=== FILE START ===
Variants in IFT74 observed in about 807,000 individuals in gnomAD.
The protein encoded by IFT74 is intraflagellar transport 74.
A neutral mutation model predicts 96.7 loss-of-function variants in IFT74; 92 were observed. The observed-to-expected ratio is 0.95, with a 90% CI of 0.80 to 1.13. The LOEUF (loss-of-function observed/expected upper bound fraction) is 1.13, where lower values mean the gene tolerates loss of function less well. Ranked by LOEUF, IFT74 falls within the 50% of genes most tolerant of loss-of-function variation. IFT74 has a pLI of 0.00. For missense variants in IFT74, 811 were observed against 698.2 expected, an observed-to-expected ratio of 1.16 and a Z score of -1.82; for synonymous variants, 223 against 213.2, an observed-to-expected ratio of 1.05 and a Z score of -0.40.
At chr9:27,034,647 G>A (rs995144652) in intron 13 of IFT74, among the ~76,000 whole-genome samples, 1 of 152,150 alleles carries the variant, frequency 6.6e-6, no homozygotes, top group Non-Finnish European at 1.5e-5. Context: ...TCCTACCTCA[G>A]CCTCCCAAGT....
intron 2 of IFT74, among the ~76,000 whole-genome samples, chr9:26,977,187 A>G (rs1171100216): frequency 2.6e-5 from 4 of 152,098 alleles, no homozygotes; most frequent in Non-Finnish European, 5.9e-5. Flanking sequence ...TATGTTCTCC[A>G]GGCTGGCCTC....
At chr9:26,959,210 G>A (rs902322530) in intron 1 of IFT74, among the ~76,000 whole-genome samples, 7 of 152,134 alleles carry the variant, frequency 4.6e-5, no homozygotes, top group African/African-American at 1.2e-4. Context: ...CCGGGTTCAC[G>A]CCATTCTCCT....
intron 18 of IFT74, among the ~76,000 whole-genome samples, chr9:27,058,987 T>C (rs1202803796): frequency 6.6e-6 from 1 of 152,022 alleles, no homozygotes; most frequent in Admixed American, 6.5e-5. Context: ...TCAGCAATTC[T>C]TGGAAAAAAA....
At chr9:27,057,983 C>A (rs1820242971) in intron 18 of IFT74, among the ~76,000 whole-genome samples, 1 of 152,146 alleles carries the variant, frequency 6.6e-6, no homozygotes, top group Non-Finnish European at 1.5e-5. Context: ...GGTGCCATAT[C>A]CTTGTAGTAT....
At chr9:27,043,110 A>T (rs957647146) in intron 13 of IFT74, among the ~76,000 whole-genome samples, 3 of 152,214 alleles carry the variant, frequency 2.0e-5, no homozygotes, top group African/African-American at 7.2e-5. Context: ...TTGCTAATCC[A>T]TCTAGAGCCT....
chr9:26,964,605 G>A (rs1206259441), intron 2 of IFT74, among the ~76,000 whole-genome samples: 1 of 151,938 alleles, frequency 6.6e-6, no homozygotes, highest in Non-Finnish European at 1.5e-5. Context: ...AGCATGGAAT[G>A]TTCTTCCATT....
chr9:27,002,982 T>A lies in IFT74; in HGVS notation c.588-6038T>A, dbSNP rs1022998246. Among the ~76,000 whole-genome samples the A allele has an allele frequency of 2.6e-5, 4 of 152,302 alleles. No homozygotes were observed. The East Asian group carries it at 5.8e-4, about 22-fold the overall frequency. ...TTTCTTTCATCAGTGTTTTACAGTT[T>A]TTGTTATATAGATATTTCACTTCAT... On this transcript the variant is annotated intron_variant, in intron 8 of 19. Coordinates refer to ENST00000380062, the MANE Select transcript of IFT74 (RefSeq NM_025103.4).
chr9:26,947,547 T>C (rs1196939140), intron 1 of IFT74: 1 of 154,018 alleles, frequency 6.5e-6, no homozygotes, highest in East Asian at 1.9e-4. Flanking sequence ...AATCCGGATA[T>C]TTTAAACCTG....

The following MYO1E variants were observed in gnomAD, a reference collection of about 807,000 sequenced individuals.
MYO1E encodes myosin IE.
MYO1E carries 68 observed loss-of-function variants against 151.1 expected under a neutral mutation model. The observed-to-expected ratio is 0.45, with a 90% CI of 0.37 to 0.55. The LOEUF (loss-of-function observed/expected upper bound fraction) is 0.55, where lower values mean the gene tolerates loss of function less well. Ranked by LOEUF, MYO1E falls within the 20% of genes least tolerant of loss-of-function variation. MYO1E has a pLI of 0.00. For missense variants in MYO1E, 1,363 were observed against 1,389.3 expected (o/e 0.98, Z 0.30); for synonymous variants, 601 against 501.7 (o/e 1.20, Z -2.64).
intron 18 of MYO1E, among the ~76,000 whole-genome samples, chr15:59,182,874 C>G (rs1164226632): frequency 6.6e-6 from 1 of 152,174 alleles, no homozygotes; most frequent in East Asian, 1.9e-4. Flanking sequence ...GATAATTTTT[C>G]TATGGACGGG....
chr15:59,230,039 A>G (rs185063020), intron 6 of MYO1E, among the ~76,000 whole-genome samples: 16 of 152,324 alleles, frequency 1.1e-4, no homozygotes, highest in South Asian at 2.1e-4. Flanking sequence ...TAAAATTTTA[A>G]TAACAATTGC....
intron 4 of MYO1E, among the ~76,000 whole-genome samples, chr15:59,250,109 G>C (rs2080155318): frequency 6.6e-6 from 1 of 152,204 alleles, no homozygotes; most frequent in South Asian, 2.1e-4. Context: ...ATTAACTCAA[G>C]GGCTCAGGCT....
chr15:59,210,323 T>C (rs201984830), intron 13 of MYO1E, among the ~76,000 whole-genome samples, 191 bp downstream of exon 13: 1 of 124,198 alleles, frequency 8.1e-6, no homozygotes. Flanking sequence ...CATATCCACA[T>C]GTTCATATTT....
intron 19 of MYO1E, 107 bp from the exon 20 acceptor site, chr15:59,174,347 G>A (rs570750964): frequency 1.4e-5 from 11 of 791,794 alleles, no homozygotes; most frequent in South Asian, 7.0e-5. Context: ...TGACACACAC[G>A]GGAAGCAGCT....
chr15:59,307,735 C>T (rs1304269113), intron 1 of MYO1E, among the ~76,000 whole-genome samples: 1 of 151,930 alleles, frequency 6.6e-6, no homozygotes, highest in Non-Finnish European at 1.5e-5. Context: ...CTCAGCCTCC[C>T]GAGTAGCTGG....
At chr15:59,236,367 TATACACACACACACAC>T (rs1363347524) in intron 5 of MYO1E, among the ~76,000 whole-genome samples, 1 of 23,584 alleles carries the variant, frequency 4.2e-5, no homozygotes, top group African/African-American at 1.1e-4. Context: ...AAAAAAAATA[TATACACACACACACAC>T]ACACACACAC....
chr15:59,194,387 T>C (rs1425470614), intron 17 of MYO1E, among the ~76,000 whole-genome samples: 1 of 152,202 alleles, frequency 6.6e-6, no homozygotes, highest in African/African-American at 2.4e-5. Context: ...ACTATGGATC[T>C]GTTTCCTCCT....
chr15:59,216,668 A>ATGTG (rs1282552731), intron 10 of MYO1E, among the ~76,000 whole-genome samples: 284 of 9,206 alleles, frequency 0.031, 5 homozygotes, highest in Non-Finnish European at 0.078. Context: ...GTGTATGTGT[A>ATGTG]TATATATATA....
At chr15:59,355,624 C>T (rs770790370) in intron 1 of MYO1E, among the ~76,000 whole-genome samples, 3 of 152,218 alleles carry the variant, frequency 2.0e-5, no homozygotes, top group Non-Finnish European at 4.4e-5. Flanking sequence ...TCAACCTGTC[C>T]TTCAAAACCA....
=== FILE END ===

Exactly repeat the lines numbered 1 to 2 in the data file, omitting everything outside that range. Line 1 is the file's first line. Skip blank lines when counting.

Variants in IFT74 observed in about 807,000 individuals in gnomAD.
The protein encoded by IFT74 is intraflagellar transport 74.